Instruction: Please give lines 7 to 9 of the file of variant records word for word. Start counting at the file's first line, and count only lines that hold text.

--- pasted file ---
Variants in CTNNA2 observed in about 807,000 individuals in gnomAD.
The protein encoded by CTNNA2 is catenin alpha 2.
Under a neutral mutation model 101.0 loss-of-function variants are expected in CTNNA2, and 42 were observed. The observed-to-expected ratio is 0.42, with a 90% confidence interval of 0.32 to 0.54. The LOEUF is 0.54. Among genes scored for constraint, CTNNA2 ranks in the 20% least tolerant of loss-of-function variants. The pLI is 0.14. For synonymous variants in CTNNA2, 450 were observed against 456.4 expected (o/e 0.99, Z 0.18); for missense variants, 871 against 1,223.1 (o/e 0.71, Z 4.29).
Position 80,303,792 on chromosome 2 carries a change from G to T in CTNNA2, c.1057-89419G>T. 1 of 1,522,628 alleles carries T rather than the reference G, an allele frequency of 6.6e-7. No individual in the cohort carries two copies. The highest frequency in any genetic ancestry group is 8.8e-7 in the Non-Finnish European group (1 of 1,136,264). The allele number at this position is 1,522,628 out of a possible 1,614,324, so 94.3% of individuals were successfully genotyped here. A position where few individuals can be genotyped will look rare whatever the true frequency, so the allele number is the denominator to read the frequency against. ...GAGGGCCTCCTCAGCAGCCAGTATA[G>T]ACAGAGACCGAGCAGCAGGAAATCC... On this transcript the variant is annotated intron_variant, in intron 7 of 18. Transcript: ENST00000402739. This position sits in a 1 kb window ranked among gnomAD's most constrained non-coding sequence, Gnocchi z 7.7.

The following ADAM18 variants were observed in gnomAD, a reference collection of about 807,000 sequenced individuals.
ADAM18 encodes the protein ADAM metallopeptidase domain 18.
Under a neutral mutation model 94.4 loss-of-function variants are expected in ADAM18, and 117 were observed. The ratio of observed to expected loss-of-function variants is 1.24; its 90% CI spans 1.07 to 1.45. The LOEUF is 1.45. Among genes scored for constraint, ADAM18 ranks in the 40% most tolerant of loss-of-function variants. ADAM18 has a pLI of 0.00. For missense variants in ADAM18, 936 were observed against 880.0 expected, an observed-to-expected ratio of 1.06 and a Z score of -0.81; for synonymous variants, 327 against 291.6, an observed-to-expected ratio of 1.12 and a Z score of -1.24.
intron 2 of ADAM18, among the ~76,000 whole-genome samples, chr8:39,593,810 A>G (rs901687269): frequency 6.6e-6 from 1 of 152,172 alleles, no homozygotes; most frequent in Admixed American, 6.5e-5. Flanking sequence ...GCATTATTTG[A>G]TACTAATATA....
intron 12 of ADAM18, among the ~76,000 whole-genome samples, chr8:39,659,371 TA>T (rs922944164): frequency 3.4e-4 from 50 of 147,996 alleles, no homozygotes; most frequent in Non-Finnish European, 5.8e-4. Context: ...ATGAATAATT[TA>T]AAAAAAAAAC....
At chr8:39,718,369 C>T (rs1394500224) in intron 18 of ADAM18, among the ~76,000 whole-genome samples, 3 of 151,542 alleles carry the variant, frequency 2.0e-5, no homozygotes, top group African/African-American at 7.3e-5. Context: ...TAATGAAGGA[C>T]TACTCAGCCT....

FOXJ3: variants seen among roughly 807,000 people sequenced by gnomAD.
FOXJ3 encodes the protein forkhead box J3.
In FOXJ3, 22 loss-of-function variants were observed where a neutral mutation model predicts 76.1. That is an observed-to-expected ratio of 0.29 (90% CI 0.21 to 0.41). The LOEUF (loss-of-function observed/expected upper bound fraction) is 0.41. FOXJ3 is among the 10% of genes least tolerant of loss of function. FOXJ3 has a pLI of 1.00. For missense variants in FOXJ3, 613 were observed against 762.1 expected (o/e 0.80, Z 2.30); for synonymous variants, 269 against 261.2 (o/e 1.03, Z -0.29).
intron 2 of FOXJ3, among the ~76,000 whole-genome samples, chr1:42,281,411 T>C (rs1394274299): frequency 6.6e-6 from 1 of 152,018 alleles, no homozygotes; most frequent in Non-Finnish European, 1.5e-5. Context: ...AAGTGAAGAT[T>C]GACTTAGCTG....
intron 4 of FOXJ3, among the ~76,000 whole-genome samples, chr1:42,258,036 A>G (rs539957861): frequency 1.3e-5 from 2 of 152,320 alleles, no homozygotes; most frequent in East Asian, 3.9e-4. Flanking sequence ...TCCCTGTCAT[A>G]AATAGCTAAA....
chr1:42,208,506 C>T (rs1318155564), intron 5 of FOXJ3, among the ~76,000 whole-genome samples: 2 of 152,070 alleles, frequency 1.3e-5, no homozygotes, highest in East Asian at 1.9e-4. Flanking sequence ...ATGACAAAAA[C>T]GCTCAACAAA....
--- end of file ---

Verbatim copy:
Under a neutral mutation model 94.4 loss-of-function variants are expected in ADAM18, and 117 were observed. The ratio of observed to expected loss-of-function variants is 1.24; its 90% CI spans 1.07 to 1.45. The LOEUF is 1.45. Among genes scored for constraint, ADAM18 ranks in the 40% most tolerant of loss-of-function variants. ADAM18 has a pLI of 0.00. For missense variants in ADAM18, 936 were observed against 880.0 expected, an observed-to-expected ratio of 1.06 and a Z score of -0.81; for synonymous variants, 327 against 291.6, an observed-to-expected ratio of 1.12 and a Z score of -1.24.
intron 2 of ADAM18, among the ~76,000 whole-genome samples, chr8:39,593,810 A>G (rs901687269): frequency 6.6e-6 from 1 of 152,172 alleles, no homozygotes; most frequent in Admixed American, 6.5e-5. Flanking sequence ...GCATTATTTG[A>G]TACTAATATA....
intron 12 of ADAM18, among the ~76,000 whole-genome samples, chr8:39,659,371 TA>T (rs922944164): frequency 3.4e-4 from 50 of 147,996 alleles, no homozygotes; most frequent in Non-Finnish European, 5.8e-4. Context: ...ATGAATAATT[TA>T]AAAAAAAAAC....